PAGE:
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I have a Linux based (Debian 5.0) NAS that I need to shutdown reliably. When ssh'd into the NAS box I issue the following command:

sudo shutdown -h now

I've also tried 'poweroff' and su'ing into root and running the commands with the same results. It shuts down all the processes and everything fine but does not always 'halt' the system. I need it to power down into the S3 state so that I can reliably use Wake On LAN to start the unit as needed. For what it's worth, wol works great and works every time as long as the unit is in it's S3 state.

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I have seen this before on slightly older hardware. The issue is 100% related to any ACPI/APM settings you have in BIOS, the age of the motherboard, and the quality of the BIOS as well. Older/cheaper boards tend to have this (as ACPI and soft-poweroff were still somewhat new); newer systems have never exhibited this issue in my experience. –  Avery Payne May 20 '09 at 7:44
    
This is an older Intel baseboard, the D945PVS. It's BIOS is the latest (version 0108 dated 08-17-2008) and it's configuration seems to be set correctly. I do have a slightly newer Intel board, a 955X chipset model that I could swap it with but I was hoping to avoid that pain. Thanks for giving me the answer I didn't want but is probably the most accurate. –  user3146 May 21 '09 at 14:43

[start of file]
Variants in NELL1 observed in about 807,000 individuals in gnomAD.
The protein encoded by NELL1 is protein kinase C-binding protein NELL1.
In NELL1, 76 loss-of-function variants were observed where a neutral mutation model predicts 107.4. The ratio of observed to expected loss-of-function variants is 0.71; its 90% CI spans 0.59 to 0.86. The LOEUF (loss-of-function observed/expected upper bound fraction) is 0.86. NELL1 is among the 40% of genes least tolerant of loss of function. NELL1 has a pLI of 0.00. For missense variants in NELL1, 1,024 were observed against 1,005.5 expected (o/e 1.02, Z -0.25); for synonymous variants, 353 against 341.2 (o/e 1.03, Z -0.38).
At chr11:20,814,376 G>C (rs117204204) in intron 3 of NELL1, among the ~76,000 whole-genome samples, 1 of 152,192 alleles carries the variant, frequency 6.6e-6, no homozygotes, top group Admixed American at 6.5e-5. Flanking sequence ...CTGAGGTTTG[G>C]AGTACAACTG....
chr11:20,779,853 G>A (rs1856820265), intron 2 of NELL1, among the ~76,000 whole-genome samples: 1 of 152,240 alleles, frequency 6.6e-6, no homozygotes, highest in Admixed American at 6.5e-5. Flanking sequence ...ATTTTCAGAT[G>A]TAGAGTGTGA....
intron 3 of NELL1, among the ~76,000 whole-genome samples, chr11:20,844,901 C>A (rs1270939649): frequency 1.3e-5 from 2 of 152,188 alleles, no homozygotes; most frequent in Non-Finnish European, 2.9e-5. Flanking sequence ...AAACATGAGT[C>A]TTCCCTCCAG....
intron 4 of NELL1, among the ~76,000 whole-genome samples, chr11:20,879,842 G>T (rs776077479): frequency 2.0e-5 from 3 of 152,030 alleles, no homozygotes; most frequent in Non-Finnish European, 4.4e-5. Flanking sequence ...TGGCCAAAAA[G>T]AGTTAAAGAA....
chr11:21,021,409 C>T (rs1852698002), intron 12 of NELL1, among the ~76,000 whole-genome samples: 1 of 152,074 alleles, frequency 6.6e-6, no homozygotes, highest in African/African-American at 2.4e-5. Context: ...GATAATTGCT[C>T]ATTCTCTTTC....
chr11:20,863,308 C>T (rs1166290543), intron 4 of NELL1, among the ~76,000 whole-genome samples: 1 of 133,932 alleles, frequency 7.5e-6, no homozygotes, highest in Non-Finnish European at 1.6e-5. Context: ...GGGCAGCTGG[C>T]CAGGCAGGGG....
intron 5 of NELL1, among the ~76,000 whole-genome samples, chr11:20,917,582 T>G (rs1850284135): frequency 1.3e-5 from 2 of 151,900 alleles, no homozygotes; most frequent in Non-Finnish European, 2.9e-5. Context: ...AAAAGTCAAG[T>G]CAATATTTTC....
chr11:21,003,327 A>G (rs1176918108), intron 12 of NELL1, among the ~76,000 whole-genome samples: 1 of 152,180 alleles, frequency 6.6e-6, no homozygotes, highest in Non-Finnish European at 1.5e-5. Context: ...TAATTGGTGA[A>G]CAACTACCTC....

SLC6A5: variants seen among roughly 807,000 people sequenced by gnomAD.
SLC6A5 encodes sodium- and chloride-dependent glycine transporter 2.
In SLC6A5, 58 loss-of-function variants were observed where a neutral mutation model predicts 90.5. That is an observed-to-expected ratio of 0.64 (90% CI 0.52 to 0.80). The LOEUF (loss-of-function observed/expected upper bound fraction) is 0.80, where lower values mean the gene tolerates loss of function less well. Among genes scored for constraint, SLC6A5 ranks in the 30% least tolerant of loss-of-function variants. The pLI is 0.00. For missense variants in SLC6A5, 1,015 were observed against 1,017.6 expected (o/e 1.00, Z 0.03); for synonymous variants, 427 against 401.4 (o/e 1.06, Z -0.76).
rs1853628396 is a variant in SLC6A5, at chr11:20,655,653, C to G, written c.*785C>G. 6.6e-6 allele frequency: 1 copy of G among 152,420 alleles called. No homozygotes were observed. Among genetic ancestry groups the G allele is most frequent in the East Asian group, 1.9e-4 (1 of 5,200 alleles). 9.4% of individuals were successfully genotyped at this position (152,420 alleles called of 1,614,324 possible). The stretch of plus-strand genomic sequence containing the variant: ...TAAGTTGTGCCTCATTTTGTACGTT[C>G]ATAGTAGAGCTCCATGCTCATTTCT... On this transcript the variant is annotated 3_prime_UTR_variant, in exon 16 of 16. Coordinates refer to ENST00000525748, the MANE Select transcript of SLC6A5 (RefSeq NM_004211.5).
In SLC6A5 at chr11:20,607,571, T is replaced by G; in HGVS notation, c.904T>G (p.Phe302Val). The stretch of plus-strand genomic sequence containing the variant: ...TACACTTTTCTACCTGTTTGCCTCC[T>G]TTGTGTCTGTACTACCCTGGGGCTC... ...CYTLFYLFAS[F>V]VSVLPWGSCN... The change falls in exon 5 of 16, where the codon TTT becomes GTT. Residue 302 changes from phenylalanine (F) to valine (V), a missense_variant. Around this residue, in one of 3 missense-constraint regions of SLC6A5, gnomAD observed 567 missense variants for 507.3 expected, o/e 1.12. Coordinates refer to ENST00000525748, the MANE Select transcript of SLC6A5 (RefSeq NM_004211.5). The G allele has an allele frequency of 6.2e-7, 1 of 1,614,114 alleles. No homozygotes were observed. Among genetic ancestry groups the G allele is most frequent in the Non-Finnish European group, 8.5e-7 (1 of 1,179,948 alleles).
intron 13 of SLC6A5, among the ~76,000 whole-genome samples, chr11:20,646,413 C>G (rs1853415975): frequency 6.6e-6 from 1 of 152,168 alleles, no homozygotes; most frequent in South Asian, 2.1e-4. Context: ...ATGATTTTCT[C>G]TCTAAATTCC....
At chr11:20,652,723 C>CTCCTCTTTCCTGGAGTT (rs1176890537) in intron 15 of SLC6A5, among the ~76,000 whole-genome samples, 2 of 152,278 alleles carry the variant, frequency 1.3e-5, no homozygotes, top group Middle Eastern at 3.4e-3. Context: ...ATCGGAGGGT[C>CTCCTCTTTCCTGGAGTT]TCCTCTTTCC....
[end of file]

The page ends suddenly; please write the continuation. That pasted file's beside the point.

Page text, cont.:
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4 Answers 4

Try the halt -p or poweroff commands.

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Humm could be a number of things. First thing I would try is to pass either

acpi=force

or even

acpi=off

to the kernel command line to see either of them works.

Next I would try unloading the wireless drivers before you shutdown (if possible).

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I have had similar problems, I just issue a halt instead, and it seems to work fine.

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up vote 1 down vote accepted

I finally diagnosed the problem with this particular NAS backup server. It appears that the graphics card died at some point. Since this unit is run remotely via ssh it's only two lifelines are it's ethernet cable and it's power cord. Consequently, the dead graphics card went totally unnoticed. Putting in a new graphics card has solved the problem completely. I also did a lot of work to the unit to make sure that it has better airflow and much less heat build up since it is located in a place that is not very well ventilated and I believe that this may have been the cause of the graphics card failure. It could have just been the age of the graphics card but since I had the unit out I decicded to update/upgrade it's thermal properties just to be on the safe side.

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weird, but glad it works! –  Matt Simmons Jun 23 '09 at 21:10
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